First Selectman Implores Lawmakers To Block Access To 12/14 Materials

Urging state legislators to make a “compassionate choice,” First Selectman Pat Llodra has added her voice to that of grieving 12/14 parents and a group of lawmakers led by Senator and Minority Leader John McKinney working to excerpt certain public records, images and 911 recordings from public access.

On June 3, Connecticut’s Freedom of Information Commission ordered Newtown officials to provide the commission with 911 calls from the day of the shooting inside Sandy Hook Elementary School as it considers a request by The Associated Press.

A hearing officer, Kathleen Ross, asked Monday for the town to provide her the copies within two weeks. She said she commission would weigh objections raised by investigators as it evaluates whether the material should be released publicly.

The AP requested documents including copies of 911 calls in part to examine how well law enforcement responded to one of the worst school shootings in US history. The town ultimately denied the AP’s request, citing legal exemptions that allow the government to withhold documents if they claim they’re being used for an ongoing investigation and should remain secret.

In her letter to state lawmakers, Mrs Llodra thanks them for all the considerations provided to Newtown since the tragedy in December at the Sandy Hook Elementary School.

“Your actions as legislative bodies have spoken of your commitment to us and to the common good of all Connecticut residents,” she said in the note. “Your hard work and sensitivity to the issues of school safety, mental health, and gun violence supported our contention that you are a group of men and women whose combined actions serve the best interests of our state.”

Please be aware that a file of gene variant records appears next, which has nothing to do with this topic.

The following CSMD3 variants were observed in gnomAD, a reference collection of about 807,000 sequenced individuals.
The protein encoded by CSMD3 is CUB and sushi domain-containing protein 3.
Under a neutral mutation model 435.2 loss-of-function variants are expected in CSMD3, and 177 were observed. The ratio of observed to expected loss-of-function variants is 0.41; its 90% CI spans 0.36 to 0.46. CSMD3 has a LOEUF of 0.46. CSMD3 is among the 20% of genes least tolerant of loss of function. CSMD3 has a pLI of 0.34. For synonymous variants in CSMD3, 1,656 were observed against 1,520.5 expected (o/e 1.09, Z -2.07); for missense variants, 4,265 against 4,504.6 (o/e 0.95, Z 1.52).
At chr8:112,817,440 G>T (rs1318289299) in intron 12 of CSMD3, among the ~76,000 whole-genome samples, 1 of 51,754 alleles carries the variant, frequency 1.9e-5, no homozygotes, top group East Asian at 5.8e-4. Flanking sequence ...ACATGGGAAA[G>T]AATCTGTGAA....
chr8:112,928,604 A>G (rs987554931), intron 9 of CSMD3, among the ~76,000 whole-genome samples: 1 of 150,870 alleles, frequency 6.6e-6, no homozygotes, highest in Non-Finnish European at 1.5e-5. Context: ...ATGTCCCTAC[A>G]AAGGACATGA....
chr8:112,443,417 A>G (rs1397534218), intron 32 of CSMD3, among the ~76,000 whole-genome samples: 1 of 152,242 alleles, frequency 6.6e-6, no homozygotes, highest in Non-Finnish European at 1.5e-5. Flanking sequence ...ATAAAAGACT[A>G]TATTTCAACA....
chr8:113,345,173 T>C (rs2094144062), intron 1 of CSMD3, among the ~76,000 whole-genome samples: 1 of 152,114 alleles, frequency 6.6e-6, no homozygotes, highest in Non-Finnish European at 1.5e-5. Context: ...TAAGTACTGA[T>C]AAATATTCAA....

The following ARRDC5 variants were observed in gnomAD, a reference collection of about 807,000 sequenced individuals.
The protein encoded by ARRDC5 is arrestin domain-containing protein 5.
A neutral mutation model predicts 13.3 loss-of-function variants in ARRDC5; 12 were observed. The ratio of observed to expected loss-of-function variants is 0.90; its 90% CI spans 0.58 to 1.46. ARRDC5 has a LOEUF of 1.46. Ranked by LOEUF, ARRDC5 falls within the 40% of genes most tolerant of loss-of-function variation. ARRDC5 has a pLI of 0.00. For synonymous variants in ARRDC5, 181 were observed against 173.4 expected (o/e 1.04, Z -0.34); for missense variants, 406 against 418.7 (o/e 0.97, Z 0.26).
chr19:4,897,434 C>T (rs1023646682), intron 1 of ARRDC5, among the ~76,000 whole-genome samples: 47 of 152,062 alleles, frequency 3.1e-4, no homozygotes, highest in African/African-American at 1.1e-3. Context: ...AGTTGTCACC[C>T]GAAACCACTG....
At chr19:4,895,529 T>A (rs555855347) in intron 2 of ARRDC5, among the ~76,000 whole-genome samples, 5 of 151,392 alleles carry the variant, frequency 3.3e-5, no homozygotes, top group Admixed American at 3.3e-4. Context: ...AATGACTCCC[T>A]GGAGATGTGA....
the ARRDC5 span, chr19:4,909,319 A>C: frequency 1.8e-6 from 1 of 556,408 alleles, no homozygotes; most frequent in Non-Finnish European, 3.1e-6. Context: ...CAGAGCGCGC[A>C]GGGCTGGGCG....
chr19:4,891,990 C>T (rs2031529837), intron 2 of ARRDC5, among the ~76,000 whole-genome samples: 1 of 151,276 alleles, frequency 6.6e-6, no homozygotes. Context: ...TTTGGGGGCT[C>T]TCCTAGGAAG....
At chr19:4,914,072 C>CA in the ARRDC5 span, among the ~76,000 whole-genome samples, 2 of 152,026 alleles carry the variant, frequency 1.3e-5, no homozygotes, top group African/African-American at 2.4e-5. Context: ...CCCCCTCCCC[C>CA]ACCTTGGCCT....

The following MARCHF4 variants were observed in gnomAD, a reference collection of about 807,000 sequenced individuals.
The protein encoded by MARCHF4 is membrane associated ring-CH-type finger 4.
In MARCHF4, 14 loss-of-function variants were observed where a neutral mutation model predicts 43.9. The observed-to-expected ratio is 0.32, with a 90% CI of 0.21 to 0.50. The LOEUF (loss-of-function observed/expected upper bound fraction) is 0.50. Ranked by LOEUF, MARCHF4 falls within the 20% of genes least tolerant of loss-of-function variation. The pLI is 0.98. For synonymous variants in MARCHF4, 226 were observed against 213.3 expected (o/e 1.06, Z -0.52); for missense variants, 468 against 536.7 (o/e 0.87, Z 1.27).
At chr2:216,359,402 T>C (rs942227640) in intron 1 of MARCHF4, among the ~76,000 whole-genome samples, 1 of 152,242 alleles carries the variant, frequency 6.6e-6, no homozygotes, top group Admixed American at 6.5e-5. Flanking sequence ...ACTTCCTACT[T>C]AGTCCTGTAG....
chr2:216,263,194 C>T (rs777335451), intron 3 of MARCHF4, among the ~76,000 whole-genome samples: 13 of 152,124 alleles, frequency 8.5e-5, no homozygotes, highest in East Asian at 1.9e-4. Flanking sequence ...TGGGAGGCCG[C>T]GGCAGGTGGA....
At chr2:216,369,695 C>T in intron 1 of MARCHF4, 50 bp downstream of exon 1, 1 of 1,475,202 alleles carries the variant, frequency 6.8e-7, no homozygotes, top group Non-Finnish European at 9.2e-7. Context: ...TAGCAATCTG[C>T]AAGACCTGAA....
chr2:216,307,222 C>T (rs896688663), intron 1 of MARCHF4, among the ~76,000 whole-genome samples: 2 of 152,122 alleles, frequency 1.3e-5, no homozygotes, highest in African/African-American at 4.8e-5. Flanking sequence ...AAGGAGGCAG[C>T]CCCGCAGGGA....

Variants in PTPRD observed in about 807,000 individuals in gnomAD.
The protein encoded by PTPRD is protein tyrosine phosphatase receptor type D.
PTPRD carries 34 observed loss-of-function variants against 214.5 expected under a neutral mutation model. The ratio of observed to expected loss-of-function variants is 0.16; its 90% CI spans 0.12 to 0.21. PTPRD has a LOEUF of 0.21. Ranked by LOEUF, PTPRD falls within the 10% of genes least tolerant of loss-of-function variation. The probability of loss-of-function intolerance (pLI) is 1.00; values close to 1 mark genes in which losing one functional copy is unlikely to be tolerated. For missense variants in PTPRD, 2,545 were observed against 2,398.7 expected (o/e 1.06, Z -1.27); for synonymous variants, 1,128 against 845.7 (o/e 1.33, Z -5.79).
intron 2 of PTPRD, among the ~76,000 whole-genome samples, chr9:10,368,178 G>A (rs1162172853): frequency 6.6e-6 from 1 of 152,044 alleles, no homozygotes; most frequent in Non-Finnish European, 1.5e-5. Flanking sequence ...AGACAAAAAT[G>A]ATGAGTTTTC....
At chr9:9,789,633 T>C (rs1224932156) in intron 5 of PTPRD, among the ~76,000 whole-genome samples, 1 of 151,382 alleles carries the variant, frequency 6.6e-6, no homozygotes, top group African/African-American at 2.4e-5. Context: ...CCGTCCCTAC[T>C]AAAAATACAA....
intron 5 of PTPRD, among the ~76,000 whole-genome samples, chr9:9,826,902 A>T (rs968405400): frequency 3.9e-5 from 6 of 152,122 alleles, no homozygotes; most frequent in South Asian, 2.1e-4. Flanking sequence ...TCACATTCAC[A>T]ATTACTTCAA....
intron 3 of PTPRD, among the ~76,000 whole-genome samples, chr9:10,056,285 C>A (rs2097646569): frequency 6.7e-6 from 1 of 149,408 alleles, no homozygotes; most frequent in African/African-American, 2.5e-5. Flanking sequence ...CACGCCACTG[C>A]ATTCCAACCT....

She then requests that legislators, “dig deep again into that reservoir of compassion and commitment to the common good and support the efforts to block from becoming public the crime scene photos of the victims of the Sandy Hook shooting.”

Mrs Llodra noted that the past months of elevated rhetoric between and among “truthers,” conspiracy theorists, and those with narrow political goals illustrate how these photos would be used as leverage points for purposes, which she believes “are not in the best interest of humanity.”

“I cannot imagine a ‘good’ that would come from release of the photos, especially of the child victims,” Mrs Llodra wrote. “Who benefits from seeing the horror of that event played and replayed for eternity in digital format?  I can only imagine the ongoing emotional pain of the parents, siblings, and extended families of the victims.”

In a separate statement made after efforts to block the materials from public access, Sen McKinney said he was representing the people of Newtown, including the parents and family members of those who were murdered.

“No one has been a stronger advocate of Connecticut’s Freedom of Information Act than I have, but on behalf of the Sandy Hook families, and because this was an unprecedented tragedy, I support a one-time exception, so that graphic evidence and the crime scene photographs of the murdered children and loved ones of my constituents are not exploited,” Sen McKinney said.

In her note, Mrs Llodra urges state lawmakers to “do again what you have done so often. Make the compassionate choice.”

(Associated Press content was used in this report.)

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